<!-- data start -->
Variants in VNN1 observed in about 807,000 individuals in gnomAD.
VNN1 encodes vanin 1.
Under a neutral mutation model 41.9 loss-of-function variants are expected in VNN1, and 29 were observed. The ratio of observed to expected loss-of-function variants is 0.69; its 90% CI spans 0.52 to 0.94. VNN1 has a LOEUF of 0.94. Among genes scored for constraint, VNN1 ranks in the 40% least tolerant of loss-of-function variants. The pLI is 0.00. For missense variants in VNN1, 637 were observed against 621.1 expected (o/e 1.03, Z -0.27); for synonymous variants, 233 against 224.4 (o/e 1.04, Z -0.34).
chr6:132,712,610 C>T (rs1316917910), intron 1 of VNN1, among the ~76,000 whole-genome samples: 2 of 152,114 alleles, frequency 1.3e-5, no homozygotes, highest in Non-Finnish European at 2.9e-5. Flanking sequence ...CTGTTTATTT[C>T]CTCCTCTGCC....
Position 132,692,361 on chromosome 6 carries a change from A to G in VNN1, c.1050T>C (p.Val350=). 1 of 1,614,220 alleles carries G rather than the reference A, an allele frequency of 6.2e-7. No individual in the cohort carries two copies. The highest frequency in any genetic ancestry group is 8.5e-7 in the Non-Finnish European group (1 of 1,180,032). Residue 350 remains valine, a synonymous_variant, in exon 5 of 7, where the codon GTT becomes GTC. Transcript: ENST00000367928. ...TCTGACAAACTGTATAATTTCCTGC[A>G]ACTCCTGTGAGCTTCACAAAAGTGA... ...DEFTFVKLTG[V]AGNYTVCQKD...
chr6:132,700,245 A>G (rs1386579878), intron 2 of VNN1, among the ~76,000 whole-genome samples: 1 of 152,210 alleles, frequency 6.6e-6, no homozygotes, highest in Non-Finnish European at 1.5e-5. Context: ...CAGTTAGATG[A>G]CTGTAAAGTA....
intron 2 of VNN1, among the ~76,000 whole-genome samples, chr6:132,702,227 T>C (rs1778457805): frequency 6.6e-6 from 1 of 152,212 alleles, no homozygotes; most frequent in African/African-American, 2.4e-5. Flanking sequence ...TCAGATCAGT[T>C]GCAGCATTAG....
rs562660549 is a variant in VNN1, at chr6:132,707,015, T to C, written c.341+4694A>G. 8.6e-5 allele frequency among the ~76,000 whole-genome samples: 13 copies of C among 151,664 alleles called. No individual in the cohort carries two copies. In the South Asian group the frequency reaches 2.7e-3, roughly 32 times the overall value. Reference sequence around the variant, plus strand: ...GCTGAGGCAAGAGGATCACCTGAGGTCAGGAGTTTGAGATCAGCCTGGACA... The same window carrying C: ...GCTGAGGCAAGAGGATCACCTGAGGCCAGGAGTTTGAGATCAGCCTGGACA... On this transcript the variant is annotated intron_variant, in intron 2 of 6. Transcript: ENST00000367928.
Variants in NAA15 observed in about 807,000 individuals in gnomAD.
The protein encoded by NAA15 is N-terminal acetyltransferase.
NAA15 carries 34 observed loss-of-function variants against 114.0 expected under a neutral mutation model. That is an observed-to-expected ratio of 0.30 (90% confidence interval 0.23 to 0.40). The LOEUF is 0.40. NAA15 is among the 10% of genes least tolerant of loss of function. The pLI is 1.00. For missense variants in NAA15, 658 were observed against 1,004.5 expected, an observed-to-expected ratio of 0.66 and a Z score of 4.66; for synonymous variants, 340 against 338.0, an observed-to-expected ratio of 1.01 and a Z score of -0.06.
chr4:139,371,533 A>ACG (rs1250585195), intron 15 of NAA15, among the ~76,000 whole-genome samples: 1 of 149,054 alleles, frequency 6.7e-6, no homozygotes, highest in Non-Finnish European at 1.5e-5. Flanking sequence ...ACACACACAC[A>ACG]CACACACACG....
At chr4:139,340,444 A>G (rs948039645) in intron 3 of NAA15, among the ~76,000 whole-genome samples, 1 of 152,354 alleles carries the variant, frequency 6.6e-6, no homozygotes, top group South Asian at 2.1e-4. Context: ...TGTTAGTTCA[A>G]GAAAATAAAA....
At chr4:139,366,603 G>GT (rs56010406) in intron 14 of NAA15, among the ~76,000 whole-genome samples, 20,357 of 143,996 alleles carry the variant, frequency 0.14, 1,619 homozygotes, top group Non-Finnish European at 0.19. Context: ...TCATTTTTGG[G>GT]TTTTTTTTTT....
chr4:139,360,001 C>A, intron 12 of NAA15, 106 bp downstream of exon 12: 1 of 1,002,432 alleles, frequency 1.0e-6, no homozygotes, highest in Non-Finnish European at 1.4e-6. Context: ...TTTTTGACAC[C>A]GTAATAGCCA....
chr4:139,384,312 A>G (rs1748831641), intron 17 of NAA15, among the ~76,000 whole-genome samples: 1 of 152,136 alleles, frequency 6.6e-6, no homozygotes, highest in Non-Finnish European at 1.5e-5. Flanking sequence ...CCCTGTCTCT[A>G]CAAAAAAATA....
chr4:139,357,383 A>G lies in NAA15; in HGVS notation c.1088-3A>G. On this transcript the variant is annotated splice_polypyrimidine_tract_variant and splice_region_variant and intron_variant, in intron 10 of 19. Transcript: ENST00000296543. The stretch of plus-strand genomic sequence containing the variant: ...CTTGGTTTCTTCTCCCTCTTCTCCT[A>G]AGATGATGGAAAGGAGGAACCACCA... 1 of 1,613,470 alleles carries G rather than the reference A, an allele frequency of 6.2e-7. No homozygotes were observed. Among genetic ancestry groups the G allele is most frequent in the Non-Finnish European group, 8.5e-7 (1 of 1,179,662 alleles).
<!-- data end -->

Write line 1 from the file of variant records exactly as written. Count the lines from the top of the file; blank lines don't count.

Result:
Variants in VNN1 observed in about 807,000 individuals in gnomAD.